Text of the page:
The rise of the information age has made it increasingly easy and cost effective to conduct criminal background checks on prospective employees. According to Adams (2011), this ease of access is due to the fact that investigators no longer have to sift through actual court records. But does this type of discrimination actually do any good for a company, and what is the greater cost to society when so many companies are engaging the same type of discrimination?
Cost and Benefit
According to a survey by the Society for Human Resource Management (2010), 73% of the companies surveyed conduct background checks on all prospective employees, and an additional 19% indicated that they conduct ...view middle of the document...
A consequence of the widespread use of pre-employment background checks is disproportionate discrimination against minority racial groups. Although it is illegal to deny a person an employment opportunity based on racial background under the Civil Rights Act of 1964, the effective result of background checks is racial discrimination. According to Carson (2010):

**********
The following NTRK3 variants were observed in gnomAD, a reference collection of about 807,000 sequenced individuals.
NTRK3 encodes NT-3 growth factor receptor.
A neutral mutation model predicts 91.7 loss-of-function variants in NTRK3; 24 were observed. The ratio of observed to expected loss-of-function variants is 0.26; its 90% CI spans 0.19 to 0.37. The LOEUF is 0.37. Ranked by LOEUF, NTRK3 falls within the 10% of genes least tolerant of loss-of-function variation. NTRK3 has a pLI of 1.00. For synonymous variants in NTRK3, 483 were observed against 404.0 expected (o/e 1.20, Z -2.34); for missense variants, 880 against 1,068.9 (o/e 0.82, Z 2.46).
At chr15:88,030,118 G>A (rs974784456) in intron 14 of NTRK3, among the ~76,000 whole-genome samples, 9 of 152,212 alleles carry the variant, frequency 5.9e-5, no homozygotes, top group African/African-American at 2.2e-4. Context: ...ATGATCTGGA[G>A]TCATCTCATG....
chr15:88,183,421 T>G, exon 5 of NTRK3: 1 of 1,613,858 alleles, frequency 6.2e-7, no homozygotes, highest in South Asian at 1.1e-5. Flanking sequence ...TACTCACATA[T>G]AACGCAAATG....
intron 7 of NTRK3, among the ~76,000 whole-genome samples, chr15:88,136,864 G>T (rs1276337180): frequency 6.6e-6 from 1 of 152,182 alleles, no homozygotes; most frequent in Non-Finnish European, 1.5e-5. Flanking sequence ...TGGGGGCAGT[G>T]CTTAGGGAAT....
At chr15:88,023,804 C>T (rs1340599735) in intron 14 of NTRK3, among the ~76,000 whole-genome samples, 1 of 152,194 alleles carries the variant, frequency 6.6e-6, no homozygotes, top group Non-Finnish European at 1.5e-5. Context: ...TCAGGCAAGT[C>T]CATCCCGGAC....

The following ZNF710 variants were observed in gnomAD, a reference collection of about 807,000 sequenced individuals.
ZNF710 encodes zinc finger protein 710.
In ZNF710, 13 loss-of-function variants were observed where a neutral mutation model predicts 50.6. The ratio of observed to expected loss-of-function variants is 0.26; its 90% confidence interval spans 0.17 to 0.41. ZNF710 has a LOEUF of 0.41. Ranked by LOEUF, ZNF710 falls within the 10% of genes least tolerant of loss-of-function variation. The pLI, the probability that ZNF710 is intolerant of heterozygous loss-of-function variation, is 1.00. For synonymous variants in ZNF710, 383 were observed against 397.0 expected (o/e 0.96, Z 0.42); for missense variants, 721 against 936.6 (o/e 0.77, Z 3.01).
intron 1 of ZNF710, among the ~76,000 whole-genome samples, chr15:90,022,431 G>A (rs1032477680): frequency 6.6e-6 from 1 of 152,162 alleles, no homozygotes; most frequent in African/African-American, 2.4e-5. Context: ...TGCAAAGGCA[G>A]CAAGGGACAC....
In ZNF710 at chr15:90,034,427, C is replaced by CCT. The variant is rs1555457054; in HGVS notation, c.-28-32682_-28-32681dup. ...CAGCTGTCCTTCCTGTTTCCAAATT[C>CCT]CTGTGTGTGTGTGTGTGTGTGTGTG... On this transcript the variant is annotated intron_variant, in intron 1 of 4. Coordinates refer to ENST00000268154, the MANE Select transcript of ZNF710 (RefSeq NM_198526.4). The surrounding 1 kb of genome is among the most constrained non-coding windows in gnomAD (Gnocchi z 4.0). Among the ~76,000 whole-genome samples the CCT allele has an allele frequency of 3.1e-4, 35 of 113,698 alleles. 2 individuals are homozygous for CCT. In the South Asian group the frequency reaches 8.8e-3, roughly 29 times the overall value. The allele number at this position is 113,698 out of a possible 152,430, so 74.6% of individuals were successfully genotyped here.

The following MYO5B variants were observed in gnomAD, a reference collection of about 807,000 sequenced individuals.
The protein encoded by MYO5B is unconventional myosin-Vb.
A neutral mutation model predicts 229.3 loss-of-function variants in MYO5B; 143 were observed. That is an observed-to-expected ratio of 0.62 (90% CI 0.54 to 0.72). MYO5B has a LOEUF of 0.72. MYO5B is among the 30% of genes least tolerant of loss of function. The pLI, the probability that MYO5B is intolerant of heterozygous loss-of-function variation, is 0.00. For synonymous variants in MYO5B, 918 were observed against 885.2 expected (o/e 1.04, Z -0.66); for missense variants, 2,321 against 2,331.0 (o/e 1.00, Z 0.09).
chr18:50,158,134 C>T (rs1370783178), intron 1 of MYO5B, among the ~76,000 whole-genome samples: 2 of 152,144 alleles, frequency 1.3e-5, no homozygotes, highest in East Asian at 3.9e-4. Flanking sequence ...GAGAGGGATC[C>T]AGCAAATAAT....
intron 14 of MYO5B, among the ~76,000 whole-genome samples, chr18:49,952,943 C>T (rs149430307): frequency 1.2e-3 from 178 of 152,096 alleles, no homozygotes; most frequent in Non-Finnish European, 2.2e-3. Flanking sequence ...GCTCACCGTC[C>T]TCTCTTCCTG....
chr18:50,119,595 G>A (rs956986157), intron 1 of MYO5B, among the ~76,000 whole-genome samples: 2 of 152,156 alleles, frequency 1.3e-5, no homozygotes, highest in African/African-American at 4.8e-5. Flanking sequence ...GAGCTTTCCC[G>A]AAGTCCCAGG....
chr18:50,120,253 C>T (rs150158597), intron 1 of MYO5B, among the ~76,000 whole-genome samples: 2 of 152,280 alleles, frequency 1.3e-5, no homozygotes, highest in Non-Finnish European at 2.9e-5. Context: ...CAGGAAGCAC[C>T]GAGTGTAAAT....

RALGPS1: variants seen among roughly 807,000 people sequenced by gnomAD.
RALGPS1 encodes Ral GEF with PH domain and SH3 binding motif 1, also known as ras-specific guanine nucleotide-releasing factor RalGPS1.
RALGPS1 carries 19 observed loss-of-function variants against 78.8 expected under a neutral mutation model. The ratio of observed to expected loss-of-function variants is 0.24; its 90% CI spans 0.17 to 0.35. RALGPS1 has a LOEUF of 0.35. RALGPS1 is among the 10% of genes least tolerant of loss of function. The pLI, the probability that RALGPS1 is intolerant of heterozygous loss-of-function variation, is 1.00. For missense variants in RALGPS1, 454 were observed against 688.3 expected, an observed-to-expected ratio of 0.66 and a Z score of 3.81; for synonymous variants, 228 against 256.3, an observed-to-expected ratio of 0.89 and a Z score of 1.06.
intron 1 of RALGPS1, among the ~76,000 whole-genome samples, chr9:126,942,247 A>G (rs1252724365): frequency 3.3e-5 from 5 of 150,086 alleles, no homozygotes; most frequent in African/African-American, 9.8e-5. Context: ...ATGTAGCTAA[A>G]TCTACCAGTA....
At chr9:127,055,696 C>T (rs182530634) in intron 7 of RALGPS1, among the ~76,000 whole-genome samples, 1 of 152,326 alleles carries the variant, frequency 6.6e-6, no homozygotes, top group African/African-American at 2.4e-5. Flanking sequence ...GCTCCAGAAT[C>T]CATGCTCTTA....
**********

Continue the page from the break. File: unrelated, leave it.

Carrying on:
Minorities are more likely to have criminal records than non-minorities, not because they tend to commit crimes more often than non-minorities, but because of racial profiling and other factors such as prosecutorial discretion, receiving jail time rather than bail, higher bails for similar charges, less advantageous proposals during plea bargaining, longer sentences, and higher receipt of the death penalty. (p.223-224)
When criminal records are most prevalent in specific racial groups, and most companies use a criminal record as a barrier to employment, it becomes clear that members of such racial groups are disproportionately denied employment based on a factor that does not accurately depict criminal behavior over that of other races.
To further compound the problems associated with background checks, evaluating a criminal record without placing weight on the age of the offense does not account for those that are likely to never offend again. Research by Blumstein and Nakamura (2009) concluded that the longer a first time offender does not reoffend, the less likely that person will ever offend again. According to the research by Blumstein and Nakamura (2009), people convicted of robbery are just as likely to commit another crime as the rest of the never convicted population if they do not reoffend within 7.7 years. For burglary convictions, 3.8 years was the average to consider an offender “redeemed”, and 4.3...